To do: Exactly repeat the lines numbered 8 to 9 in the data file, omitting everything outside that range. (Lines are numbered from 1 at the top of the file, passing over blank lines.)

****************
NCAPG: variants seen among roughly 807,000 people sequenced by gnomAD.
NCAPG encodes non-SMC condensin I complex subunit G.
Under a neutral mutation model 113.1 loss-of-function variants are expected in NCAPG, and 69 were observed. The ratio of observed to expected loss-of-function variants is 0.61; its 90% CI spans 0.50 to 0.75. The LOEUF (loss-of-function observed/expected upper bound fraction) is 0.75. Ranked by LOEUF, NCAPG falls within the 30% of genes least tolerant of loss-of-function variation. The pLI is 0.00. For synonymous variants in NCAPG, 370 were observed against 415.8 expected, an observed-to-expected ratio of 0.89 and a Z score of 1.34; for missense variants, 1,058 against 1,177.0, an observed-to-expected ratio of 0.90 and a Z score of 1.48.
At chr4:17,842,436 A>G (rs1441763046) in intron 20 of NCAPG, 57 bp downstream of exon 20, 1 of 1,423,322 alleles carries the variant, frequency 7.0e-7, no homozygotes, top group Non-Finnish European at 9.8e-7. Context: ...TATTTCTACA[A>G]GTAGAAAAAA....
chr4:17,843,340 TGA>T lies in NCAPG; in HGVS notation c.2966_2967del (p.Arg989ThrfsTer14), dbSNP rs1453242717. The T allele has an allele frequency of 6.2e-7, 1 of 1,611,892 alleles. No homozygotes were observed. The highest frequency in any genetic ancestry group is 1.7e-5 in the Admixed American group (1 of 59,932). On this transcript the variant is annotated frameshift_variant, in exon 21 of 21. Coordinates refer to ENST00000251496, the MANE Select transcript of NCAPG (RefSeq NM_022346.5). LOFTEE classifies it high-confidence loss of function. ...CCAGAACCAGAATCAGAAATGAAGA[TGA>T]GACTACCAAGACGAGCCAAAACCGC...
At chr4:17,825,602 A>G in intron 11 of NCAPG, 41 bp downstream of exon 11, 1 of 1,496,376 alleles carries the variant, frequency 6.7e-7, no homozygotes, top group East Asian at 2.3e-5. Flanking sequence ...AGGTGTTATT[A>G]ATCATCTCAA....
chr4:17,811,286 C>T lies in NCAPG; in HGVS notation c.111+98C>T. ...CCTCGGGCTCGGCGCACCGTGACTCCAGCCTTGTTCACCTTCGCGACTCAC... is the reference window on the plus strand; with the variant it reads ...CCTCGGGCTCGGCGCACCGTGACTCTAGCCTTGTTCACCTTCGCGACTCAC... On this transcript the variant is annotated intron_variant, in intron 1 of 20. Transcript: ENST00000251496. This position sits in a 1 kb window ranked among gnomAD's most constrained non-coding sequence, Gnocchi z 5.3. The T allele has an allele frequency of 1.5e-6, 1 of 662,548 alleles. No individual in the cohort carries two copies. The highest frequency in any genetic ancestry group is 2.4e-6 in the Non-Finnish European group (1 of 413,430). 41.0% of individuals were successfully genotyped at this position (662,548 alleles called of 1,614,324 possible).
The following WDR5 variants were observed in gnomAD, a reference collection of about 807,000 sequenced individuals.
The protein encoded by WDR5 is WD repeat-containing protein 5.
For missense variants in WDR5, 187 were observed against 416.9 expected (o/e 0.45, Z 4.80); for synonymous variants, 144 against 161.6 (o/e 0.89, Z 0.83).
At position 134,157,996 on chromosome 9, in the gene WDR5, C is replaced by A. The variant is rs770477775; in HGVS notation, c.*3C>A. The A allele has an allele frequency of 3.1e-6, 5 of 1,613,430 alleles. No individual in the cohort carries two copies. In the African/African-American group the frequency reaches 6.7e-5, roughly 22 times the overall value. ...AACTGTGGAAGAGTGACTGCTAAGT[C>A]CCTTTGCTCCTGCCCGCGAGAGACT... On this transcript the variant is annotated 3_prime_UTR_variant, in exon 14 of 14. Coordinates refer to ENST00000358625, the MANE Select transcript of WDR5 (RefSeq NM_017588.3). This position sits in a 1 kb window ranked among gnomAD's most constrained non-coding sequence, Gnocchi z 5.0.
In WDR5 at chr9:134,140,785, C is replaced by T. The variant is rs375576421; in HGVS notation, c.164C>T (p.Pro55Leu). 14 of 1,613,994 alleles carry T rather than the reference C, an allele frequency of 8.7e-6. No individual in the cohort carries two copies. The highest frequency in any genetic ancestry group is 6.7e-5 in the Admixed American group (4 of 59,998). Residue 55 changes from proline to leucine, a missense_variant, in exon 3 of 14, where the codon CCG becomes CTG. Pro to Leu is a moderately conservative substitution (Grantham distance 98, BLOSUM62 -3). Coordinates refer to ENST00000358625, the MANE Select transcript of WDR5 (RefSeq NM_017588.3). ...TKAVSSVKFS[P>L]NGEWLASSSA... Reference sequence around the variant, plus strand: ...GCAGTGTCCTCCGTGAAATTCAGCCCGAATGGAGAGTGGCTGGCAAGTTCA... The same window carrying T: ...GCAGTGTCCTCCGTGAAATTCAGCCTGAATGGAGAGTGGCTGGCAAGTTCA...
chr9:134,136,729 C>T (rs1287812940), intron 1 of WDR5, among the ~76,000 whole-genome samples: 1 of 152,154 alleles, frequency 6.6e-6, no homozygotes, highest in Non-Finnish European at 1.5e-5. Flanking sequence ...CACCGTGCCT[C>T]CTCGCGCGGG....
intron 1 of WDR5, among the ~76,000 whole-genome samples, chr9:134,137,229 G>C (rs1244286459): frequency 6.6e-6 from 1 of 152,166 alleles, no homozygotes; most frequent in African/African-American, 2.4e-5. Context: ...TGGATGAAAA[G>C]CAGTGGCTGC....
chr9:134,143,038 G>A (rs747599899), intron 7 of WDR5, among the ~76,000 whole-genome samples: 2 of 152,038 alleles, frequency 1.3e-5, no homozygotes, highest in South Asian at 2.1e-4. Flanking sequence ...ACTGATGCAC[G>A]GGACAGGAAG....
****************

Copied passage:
The following WDR5 variants were observed in gnomAD, a reference collection of about 807,000 sequenced individuals.
The protein encoded by WDR5 is WD repeat-containing protein 5.